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Austin Mayor Claps Back at a Constituent: Texas’ Attorney General

Photo courtesy of Austin American-Statesman

Austin Mayor Steve Adler and Texas Attorney General Ken Paxton are exchanging words, as Texas vs. Austin tensions continue to flare.

Adler shot back Thursday at an opinion piece by Paxton calling the city hypocritical and disdainful of the rule of law.

“The city of Austin recently declared itself a ‘freedom city’ — meaning that it will make every effort to thwart enforcement of the immigration and drug laws duly enacted by representatives of the people, based on trumped-up claims of racism among its own police officers — while seeking to deny its residents the freedom to use a disposable bag at the grocery store, take an Uber to the airport, call your ailing mother while driving to the airport or have a compost bin in the backyard,” Paxton wrote in the op-ed commentary, printed in the American-Statesman last week.

He added: “The people of Texas will not allow the rule of law to be subordinated to the political ambitions of city officials eager to score a few points with their base.”

Adler posted an open letter response to Paxton on his website saying the attorney general, as a resident of the city and constituent, has a right to complain, but is flat wrong.

“We get it. You don’t like the way we do things in Austin,” the mayor wrote. “I don’t want to get into a back-and-forth with you. Suffice it to say that Austin follows the law and does not thwart its enforcement, and we point out racial disparities only where they exist – and they do.

“Besides, if I refute your every single claim, point by point, it would come off like an indictment, and that wouldn’t do anything for our relationship.”

The problem with their relationship, Adler said, isn’t Austin breaking laws, it’s Texas passing new laws to overturn and undermine city ordinances.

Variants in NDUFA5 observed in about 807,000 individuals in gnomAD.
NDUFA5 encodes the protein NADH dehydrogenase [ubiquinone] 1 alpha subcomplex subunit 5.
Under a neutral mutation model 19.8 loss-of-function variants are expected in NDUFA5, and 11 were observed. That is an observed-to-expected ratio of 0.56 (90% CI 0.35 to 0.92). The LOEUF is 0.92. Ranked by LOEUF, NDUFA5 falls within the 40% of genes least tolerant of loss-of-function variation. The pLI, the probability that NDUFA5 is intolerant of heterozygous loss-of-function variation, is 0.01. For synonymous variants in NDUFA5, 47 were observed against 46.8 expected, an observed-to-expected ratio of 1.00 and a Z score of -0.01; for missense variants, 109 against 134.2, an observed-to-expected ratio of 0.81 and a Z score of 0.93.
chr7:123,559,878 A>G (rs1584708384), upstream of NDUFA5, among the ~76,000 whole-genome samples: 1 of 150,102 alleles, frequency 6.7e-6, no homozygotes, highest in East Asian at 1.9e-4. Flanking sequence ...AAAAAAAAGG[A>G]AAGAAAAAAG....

He cited state moves that have overturned the city’s plastic bag ban, threatened its new ordinance mandating paid sick leave, limited tools to enforce housing affordability and, recently, sued the city for the composition of its Planning Commission.

Adler, who has been known in the past for his humor in open letter responses to critics, ended the letter with a cheery recitation of Austin’s good qualities.

“I must apologize to you,” he wrote. “You became a full-time Austin resident the same time I got elected Mayor, and I never welcomed you. This is my fault and maybe why you constantly target Austin. Please let me make it up to you by telling you some things about this great city that I hope you come to think of fondly as home.”

He said the city is more prosperous than the state as a whole and “ready to share advice about how to expand the Austin economic miracle to the rest of Texas.”

It is the safest city in the state, he said, throwing shade at Paxton for falsely telling Fox News that an explosion at Goodwill during March’s bombings spree was connected to the others. It turned out to be an artillery simulator, not a real bomb. During the bombings, everyone worked together to stop the terror “except for when a state-wide politician spread ill-informed rumors on national TV,” Adler wrote.

And, finally, Austin is welcoming.

“That’s why we don’t freak out about which toilets people choose to use,” Adler wrote. That’s true personal liberty!”

Article by Elizabeth Findell View on Austin American-Statesman

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